By world-renowned musician, environmentalist, and humanitarian Dave Matthews, an exciting and poignant fantasy set in wondrous natural environments about a girl who must summon the courage to face her own mistakes before she can help save her peaceful community from a gigantic threat.
Kirra, a curious, agile, and outgoing girl, lives in an idyllic community hidden inside a dormant volcano. She and her father are the only two people allowed to venture beyond its walls. Kirra is in training to become a Storyteller like him, and together they travel from village to village spreading fearsome tales designed to keep outsiders away from their secret nest. One day, after hearing rumors of strangers called the "Takers," Kirra leaves the volcano by herself, hoping to discover her own story. But she unknowingly leads the Takers back to her doorstep, and they rob her of everything she has ever held dear. A devastated Kirra is found by a boy named Luwan and adopted into his family, which lives among others high in the trees of a dense forest. Now quiet and withdrawn, Kirra hides her dark past from everyone and never wants to leave the safety of her tree dwelling. Luwan, on the other hand, loves to explore. One day it leads to trouble: He is captured while spying on a group of strangers. The Takers have returned. To save the Tree Folk, Kirra must face her inner demons and summon all her storytelling to weave the most important tale of her life. This compelling novel about overcoming loss, embracing community, and living in harmony with nature is highlighted with a full-color insert of concept artwork, making it perfect for family sharing.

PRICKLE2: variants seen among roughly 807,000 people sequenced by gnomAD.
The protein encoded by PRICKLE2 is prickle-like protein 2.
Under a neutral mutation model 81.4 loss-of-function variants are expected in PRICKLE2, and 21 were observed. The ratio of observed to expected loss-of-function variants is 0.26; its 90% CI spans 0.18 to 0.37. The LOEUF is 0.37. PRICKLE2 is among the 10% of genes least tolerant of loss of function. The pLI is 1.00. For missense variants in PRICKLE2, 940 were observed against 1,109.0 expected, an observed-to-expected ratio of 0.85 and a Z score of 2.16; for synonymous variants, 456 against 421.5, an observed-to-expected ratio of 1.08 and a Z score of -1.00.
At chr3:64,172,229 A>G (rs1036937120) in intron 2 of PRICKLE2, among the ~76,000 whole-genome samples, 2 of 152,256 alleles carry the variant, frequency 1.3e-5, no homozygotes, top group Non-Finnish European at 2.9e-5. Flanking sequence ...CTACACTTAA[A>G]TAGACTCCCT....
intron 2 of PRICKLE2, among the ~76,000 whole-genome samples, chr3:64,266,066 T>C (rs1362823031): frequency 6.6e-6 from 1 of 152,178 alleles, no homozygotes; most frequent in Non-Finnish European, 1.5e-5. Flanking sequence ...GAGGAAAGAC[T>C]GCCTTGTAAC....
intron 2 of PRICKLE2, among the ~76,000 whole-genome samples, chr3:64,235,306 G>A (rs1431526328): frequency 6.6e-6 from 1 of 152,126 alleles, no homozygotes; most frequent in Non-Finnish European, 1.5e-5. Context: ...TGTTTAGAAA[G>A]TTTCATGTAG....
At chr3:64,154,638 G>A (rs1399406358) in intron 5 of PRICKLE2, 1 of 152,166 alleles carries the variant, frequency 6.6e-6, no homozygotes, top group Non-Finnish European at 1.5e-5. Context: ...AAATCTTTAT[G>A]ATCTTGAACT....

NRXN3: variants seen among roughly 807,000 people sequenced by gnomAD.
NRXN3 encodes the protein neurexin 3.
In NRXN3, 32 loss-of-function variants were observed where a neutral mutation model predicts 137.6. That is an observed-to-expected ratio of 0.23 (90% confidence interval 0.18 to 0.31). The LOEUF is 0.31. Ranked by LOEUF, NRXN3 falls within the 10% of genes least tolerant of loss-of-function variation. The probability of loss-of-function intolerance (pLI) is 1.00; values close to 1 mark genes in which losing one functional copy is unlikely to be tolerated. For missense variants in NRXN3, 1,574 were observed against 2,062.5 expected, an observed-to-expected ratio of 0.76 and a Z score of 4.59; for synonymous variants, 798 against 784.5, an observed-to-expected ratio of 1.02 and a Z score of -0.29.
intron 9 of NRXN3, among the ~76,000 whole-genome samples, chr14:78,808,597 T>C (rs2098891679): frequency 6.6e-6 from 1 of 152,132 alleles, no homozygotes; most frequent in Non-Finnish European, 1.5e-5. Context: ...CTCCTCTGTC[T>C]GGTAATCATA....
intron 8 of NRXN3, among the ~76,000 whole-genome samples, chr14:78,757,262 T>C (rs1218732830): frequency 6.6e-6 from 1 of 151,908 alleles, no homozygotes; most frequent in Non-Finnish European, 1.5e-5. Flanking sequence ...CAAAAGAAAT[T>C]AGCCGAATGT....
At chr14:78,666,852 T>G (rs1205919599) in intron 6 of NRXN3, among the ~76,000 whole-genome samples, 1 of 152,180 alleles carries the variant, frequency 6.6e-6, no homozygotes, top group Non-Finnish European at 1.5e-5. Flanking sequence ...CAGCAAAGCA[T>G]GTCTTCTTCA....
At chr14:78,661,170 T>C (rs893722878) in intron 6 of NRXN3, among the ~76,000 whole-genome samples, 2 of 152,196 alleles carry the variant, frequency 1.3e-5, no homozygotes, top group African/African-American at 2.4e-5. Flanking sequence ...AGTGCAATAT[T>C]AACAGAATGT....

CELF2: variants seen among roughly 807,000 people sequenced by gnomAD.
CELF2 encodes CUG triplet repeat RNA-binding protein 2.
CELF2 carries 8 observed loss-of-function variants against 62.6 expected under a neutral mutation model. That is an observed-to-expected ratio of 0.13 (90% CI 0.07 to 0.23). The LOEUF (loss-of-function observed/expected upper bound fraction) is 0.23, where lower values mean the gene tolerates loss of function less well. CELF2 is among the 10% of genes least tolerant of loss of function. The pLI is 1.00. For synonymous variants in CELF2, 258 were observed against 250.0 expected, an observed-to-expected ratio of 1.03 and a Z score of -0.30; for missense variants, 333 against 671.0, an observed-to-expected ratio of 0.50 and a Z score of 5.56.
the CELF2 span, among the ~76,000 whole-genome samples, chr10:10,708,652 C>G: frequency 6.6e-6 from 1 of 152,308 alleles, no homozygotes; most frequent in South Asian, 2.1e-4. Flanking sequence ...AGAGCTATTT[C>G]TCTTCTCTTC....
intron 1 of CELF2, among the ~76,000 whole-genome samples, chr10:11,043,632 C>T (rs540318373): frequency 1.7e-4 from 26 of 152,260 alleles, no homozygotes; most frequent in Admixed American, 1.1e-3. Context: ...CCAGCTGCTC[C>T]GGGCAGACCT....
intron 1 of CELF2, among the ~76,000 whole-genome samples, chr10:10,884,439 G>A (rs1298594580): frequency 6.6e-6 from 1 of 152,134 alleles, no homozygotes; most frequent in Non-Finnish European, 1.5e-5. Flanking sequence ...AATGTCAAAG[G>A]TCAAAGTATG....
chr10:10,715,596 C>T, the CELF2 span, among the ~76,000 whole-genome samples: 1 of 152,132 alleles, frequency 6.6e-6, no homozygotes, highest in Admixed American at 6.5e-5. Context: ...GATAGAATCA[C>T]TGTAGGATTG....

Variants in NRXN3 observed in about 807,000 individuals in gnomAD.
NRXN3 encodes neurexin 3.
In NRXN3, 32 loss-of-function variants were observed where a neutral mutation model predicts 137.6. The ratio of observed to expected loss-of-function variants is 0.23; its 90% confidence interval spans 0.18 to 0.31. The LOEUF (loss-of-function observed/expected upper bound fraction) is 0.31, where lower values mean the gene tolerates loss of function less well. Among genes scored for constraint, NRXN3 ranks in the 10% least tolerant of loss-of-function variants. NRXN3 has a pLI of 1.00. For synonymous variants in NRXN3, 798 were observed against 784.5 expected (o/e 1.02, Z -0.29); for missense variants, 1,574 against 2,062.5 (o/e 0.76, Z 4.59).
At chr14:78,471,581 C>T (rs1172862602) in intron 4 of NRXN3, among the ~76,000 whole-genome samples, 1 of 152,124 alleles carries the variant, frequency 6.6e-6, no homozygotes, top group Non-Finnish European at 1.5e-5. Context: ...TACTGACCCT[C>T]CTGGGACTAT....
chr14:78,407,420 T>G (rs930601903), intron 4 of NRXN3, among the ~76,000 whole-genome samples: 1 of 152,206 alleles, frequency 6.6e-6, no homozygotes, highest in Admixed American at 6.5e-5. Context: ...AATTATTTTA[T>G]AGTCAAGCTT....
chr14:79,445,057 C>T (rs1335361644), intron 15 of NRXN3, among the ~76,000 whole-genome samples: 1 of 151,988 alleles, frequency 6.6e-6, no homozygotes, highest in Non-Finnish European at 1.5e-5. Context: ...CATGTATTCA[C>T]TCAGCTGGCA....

The importance of community and collaboration underlies this didactic, fast-paced adventure, by musician Matthews and children's author Smith (Mr. 60%), about a 14-year-old girl with repressed trauma. Part one finds 10-year-old Kirra living with her family in bustling Zedu, hidden within a dormant volcano. As Helper to the Storyteller, Kirra is allowed to go Outside, where her father protects Zedu by spreading tales of volcanic danger to other villages. A well-intentioned decision by Kirra, however, leads to the village's violent destruction by ruthless invaders called Takers. Four years later, Kirra, the only survivor, quietly lives among the peacefully coexisting but solitary Tree Folk. When the Takers return and threaten her new home, Kirra must find the strength to face her past and rally the treetop dwellers to collective action, working with friends to design and deploy fearsome, cleverly engineered wooden giants. An ambiguous ending with loose ends perhaps hints at a sequel, but readers will appreciate the triumphant growth of Kirra and her adoptive community, who choose to embrace the potential and pain of connection. Ages 8 12.